The straight pipe roared as the truck approached, accelerating down the road from the fishing access. It got louder, then slowed, and sped around the bend.
The boys drove as women stood in the truck bed wearing swimsuits, hanging onto the roll bar with both fear and excitement in their voices. Between them fluttered an American flag with a portrait of the president broadcast across the stripes.
Moments later, I heard the tires burning, spinning on the hot pavement, more hollering, and then screeches. The straight pipe blared, thundering up the road, toward the highway. Tire tread remains on the road by the stop sign. It’s a good one.
This summertime in the Flathead feels busy. Towns buzz as congestion returned to the streets and life in rural Montana took a serious tone. Local people earning a living and raising a family are still navigating the fresh reality that the contagion is working its way across the planet.
In the halls of power, Congress is on a two-week recess. Next month, they enjoy another four weeks away from D.C. I get it, it’s hard work. I hope they get that life remains painful for regular Montanans. Issues like health care, paying the bills, and how kids safely get back into schools top a long list of concerns facing locals. The sickness continually spreads and residents are adapting to the reality. It’s a tough learn. None of us like it, some of us ignore it better than others.
Whitefish became among the first places in Montana urging townspeople, businesses, and visitors to wear masks in public, finding compromise between ideologies that favor science of masks to slow spreading COVID-19 in the community, with those adamant that masks are an invasion of personal freedom.
Longtime Whitefish councilor Andy Feury said at the meeting, “I had someone say to me the other day, ‘You know, pants are uncomfortable but I do it for you,’ and I think that’s about right. No matter how much science I pull out of the drawer, or whatever rabbit hole I go down on the internet, I’m not going to convince anyone to change their beliefs. But somehow in this country we have lost the ability to compromise. We all feel so unabashedly certain that our viewpoint is the correct one that we have no time for others.”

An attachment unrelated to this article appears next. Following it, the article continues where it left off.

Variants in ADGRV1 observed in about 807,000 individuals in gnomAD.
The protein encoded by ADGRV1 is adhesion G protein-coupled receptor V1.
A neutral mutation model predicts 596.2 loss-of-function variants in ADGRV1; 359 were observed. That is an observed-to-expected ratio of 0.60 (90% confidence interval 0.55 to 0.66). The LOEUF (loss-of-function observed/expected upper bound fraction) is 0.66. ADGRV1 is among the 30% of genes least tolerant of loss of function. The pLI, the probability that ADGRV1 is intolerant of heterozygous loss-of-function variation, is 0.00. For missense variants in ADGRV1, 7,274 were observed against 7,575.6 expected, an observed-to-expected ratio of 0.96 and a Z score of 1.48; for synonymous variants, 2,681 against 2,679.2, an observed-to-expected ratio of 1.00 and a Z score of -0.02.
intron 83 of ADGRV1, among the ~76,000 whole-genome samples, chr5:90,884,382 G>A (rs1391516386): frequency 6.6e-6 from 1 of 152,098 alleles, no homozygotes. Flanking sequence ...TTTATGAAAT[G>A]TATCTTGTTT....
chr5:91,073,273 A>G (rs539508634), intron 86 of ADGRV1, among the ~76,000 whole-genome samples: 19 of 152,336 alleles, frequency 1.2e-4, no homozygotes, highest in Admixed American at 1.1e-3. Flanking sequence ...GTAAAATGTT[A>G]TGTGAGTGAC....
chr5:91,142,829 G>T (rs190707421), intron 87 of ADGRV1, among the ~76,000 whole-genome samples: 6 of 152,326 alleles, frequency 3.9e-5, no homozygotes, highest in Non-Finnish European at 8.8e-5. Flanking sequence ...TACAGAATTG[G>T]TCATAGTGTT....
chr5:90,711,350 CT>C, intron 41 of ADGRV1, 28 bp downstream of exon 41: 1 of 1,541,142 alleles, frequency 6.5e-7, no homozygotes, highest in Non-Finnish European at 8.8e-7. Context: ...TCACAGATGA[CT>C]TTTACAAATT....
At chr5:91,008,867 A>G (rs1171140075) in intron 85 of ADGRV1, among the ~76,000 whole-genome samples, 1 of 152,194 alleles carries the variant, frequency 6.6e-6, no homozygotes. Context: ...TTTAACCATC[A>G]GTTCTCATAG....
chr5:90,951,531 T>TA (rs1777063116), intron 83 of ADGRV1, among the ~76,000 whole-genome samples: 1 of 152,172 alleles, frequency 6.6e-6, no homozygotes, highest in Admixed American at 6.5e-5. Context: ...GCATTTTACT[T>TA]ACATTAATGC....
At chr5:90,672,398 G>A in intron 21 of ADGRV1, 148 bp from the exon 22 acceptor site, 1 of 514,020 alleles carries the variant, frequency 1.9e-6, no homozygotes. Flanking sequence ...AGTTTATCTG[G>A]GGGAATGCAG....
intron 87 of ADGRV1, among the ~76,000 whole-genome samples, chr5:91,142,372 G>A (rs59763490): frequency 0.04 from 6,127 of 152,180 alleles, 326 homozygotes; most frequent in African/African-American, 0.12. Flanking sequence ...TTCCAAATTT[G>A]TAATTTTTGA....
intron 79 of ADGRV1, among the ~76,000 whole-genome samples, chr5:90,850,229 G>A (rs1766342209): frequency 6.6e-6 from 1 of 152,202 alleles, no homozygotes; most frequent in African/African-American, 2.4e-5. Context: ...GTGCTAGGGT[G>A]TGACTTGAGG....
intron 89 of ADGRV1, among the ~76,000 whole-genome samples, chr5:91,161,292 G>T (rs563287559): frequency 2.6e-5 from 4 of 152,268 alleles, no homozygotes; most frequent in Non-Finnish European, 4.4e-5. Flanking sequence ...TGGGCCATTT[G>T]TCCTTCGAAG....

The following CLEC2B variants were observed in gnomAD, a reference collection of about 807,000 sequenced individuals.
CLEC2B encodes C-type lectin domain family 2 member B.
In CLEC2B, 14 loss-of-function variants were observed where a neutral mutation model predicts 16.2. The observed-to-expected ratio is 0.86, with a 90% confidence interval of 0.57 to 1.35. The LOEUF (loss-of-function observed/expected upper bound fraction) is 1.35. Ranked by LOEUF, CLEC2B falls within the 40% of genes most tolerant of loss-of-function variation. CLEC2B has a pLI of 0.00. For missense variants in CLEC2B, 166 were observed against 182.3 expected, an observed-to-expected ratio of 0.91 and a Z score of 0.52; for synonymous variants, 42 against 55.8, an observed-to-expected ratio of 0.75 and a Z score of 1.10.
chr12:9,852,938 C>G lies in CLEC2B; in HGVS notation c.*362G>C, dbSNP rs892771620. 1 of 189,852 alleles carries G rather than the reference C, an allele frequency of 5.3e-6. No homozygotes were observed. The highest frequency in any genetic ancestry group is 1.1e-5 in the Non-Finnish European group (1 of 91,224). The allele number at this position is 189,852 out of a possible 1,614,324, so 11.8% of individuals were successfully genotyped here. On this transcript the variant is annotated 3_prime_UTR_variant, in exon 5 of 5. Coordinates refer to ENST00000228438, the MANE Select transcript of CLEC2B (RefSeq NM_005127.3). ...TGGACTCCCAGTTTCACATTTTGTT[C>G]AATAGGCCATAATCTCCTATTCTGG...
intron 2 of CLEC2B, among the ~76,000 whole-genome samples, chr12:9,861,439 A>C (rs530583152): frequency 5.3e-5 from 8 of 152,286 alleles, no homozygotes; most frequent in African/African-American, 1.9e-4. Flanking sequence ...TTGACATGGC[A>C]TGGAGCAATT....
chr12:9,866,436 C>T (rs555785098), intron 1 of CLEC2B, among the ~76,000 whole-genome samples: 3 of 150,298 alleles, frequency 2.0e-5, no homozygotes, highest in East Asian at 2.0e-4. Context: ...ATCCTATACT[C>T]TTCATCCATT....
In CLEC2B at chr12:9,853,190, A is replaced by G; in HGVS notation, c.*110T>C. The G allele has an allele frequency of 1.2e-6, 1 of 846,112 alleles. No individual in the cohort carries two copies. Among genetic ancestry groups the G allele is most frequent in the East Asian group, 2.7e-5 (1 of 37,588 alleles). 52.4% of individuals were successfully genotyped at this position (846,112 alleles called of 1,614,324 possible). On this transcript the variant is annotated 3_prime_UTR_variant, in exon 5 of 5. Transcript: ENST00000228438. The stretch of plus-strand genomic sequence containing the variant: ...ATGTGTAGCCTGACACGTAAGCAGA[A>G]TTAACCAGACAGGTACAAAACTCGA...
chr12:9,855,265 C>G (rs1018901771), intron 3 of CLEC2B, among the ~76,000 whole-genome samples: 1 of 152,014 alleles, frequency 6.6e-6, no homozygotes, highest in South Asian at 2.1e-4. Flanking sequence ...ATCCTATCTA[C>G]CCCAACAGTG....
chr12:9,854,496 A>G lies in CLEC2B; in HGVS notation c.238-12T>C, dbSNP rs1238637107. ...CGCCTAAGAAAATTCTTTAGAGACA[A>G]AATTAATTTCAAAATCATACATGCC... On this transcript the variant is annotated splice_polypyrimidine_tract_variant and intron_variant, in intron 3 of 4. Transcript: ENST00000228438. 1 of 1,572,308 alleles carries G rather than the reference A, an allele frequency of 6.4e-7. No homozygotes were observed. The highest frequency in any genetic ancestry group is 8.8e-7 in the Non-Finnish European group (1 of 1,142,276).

Feury was among the people I watched when I first got into local politics a couple decades ago. He and another old-time leader, Chet Hope, were the pair whom caught the attention of my younger eyes as I sought guidance to political service. Their patience reassured me that leaders were not born, rather groomed by a community.
Council meetings start 10 minutes past the hour to honor the memory of Dr. Hope who routinely ran a bit late. I look back on those younger days and admire the tenacity of people who had vision for their town.
Whitefish has been growing up for years. We’ve come a long way but our work is far from over. The months ahead are sure to be rocky. We need leaders who work hard, listen, and take action. There’s a way onward. Trust me. Keep it simple, outside the box at times.
Civil society needs more than civil discourse. We need action. The issues facing our parents, kids, workers, business owners and retirees are enormous. It’s easy to feel overwhelmed, angry, cynical or hopeless. Try kindness and take action.
Luckily for us, we’re surrounded by open forestland, clean water and a friendly community to help us navigate turbulent times. The great outdoors offers plenty of hope for a new day. Be smart about it. There’s room to distance.